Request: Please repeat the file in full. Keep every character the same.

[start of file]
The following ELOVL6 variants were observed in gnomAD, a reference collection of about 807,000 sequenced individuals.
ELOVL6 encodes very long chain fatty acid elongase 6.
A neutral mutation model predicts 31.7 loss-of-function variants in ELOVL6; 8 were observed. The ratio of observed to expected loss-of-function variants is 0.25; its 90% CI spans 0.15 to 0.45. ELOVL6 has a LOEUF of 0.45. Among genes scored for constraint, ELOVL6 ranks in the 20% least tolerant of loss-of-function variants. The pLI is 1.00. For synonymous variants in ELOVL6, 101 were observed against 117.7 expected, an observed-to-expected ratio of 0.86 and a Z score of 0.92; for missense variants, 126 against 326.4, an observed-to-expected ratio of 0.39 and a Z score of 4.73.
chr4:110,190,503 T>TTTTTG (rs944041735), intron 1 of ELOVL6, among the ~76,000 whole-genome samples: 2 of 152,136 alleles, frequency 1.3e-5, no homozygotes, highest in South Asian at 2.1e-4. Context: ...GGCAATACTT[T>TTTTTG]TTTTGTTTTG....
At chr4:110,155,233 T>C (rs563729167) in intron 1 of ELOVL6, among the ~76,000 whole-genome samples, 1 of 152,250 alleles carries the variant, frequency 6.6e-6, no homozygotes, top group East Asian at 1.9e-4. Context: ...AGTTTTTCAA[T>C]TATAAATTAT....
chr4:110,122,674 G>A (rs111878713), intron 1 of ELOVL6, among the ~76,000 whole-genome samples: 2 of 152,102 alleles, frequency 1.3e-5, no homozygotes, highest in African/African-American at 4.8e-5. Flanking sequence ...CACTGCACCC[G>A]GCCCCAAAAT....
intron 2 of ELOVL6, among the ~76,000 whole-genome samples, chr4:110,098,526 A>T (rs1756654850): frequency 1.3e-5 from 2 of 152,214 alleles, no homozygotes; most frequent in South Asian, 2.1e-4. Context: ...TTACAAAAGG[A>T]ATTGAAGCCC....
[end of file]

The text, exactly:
The following ELOVL6 variants were observed in gnomAD, a reference collection of about 807,000 sequenced individuals.
ELOVL6 encodes very long chain fatty acid elongase 6.
A neutral mutation model predicts 31.7 loss-of-function variants in ELOVL6; 8 were observed. The ratio of observed to expected loss-of-function variants is 0.25; its 90% CI spans 0.15 to 0.45. ELOVL6 has a LOEUF of 0.45. Among genes scored for constraint, ELOVL6 ranks in the 20% least tolerant of loss-of-function variants. The pLI is 1.00. For synonymous variants in ELOVL6, 101 were observed against 117.7 expected, an observed-to-expected ratio of 0.86 and a Z score of 0.92; for missense variants, 126 against 326.4, an observed-to-expected ratio of 0.39 and a Z score of 4.73.
chr4:110,190,503 T>TTTTTG (rs944041735), intron 1 of ELOVL6, among the ~76,000 whole-genome samples: 2 of 152,136 alleles, frequency 1.3e-5, no homozygotes, highest in South Asian at 2.1e-4. Context: ...GGCAATACTT[T>TTTTTG]TTTTGTTTTG....
At chr4:110,155,233 T>C (rs563729167) in intron 1 of ELOVL6, among the ~76,000 whole-genome samples, 1 of 152,250 alleles carries the variant, frequency 6.6e-6, no homozygotes, top group East Asian at 1.9e-4. Context: ...AGTTTTTCAA[T>C]TATAAATTAT....
chr4:110,122,674 G>A (rs111878713), intron 1 of ELOVL6, among the ~76,000 whole-genome samples: 2 of 152,102 alleles, frequency 1.3e-5, no homozygotes, highest in African/African-American at 4.8e-5. Flanking sequence ...CACTGCACCC[G>A]GCCCCAAAAT....
intron 2 of ELOVL6, among the ~76,000 whole-genome samples, chr4:110,098,526 A>T (rs1756654850): frequency 1.3e-5 from 2 of 152,214 alleles, no homozygotes; most frequent in South Asian, 2.1e-4. Context: ...TTACAAAAGG[A>T]ATTGAAGCCC....